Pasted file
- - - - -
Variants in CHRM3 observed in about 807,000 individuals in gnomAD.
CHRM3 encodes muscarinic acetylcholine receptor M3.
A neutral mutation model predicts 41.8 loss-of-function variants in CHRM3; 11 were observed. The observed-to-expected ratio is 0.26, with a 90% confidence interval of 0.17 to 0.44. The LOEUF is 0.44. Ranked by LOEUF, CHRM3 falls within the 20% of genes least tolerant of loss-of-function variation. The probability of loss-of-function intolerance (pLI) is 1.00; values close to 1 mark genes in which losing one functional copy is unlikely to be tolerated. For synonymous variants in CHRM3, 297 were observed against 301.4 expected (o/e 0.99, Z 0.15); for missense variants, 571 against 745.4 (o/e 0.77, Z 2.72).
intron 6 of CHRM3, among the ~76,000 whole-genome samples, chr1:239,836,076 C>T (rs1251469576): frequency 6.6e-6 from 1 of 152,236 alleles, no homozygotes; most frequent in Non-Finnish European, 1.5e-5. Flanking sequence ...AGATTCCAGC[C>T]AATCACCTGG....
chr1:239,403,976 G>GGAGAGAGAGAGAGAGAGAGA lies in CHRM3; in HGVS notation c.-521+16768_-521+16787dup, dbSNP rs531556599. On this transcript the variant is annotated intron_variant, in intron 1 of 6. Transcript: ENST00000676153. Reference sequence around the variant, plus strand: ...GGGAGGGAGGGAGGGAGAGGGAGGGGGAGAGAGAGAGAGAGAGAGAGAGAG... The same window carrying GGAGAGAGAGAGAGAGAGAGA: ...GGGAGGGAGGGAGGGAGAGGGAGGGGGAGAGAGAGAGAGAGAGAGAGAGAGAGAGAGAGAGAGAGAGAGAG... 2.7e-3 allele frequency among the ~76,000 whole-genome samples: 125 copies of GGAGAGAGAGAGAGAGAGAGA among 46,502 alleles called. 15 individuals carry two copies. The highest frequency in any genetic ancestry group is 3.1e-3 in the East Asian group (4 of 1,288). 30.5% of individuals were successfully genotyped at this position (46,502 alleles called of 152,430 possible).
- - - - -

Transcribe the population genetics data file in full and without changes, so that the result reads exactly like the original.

Variants in CHRM3 observed in about 807,000 individuals in gnomAD.
CHRM3 encodes muscarinic acetylcholine receptor M3.
A neutral mutation model predicts 41.8 loss-of-function variants in CHRM3; 11 were observed. The observed-to-expected ratio is 0.26, with a 90% confidence interval of 0.17 to 0.44. The LOEUF is 0.44. Ranked by LOEUF, CHRM3 falls within the 20% of genes least tolerant of loss-of-function variation. The probability of loss-of-function intolerance (pLI) is 1.00; values close to 1 mark genes in which losing one functional copy is unlikely to be tolerated. For synonymous variants in CHRM3, 297 were observed against 301.4 expected (o/e 0.99, Z 0.15); for missense variants, 571 against 745.4 (o/e 0.77, Z 2.72).
intron 6 of CHRM3, among the ~76,000 whole-genome samples, chr1:239,836,076 C>T (rs1251469576): frequency 6.6e-6 from 1 of 152,236 alleles, no homozygotes; most frequent in Non-Finnish European, 1.5e-5. Flanking sequence ...AGATTCCAGC[C>T]AATCACCTGG....
chr1:239,403,976 G>GGAGAGAGAGAGAGAGAGAGA lies in CHRM3; in HGVS notation c.-521+16768_-521+16787dup, dbSNP rs531556599. On this transcript the variant is annotated intron_variant, in intron 1 of 6. Transcript: ENST00000676153. Reference sequence around the variant, plus strand: ...GGGAGGGAGGGAGGGAGAGGGAGGGGGAGAGAGAGAGAGAGAGAGAGAGAG... The same window carrying GGAGAGAGAGAGAGAGAGAGA: ...GGGAGGGAGGGAGGGAGAGGGAGGGGGAGAGAGAGAGAGAGAGAGAGAGAGAGAGAGAGAGAGAGAGAGAG... 2.7e-3 allele frequency among the ~76,000 whole-genome samples: 125 copies of GGAGAGAGAGAGAGAGAGAGA among 46,502 alleles called. 15 individuals carry two copies. The highest frequency in any genetic ancestry group is 3.1e-3 in the East Asian group (4 of 1,288). 30.5% of individuals were successfully genotyped at this position (46,502 alleles called of 152,430 possible).